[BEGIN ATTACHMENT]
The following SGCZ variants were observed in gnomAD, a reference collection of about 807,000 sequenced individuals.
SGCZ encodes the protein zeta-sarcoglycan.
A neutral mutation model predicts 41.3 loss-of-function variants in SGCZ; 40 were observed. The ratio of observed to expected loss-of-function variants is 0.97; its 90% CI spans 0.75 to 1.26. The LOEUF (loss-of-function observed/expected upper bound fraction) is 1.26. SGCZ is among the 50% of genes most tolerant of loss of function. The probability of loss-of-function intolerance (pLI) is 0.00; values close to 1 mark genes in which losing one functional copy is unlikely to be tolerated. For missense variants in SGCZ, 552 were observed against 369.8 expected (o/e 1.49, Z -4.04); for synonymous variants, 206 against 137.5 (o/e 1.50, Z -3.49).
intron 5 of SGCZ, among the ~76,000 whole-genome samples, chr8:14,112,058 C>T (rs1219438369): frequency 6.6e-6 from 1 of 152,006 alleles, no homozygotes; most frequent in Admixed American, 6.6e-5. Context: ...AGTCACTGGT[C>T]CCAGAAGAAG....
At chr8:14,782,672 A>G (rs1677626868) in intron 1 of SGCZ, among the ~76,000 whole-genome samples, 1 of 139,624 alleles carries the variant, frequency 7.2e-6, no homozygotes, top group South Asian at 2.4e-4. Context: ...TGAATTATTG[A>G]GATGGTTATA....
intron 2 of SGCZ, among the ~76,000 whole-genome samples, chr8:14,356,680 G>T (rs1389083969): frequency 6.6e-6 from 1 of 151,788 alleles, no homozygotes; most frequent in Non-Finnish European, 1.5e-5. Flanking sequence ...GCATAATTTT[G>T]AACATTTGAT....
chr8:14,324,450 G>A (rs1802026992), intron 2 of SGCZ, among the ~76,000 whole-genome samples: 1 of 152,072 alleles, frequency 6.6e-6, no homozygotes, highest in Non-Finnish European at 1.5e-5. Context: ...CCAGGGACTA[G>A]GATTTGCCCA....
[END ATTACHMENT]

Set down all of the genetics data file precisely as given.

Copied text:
The following SGCZ variants were observed in gnomAD, a reference collection of about 807,000 sequenced individuals.
SGCZ encodes the protein zeta-sarcoglycan.
A neutral mutation model predicts 41.3 loss-of-function variants in SGCZ; 40 were observed. The ratio of observed to expected loss-of-function variants is 0.97; its 90% CI spans 0.75 to 1.26. The LOEUF (loss-of-function observed/expected upper bound fraction) is 1.26. SGCZ is among the 50% of genes most tolerant of loss of function. The probability of loss-of-function intolerance (pLI) is 0.00; values close to 1 mark genes in which losing one functional copy is unlikely to be tolerated. For missense variants in SGCZ, 552 were observed against 369.8 expected (o/e 1.49, Z -4.04); for synonymous variants, 206 against 137.5 (o/e 1.50, Z -3.49).
intron 5 of SGCZ, among the ~76,000 whole-genome samples, chr8:14,112,058 C>T (rs1219438369): frequency 6.6e-6 from 1 of 152,006 alleles, no homozygotes; most frequent in Admixed American, 6.6e-5. Context: ...AGTCACTGGT[C>T]CCAGAAGAAG....
At chr8:14,782,672 A>G (rs1677626868) in intron 1 of SGCZ, among the ~76,000 whole-genome samples, 1 of 139,624 alleles carries the variant, frequency 7.2e-6, no homozygotes, top group South Asian at 2.4e-4. Context: ...TGAATTATTG[A>G]GATGGTTATA....
intron 2 of SGCZ, among the ~76,000 whole-genome samples, chr8:14,356,680 G>T (rs1389083969): frequency 6.6e-6 from 1 of 151,788 alleles, no homozygotes; most frequent in Non-Finnish European, 1.5e-5. Flanking sequence ...GCATAATTTT[G>T]AACATTTGAT....
chr8:14,324,450 G>A (rs1802026992), intron 2 of SGCZ, among the ~76,000 whole-genome samples: 1 of 152,072 alleles, frequency 6.6e-6, no homozygotes, highest in Non-Finnish European at 1.5e-5. Context: ...CCAGGGACTA[G>A]GATTTGCCCA....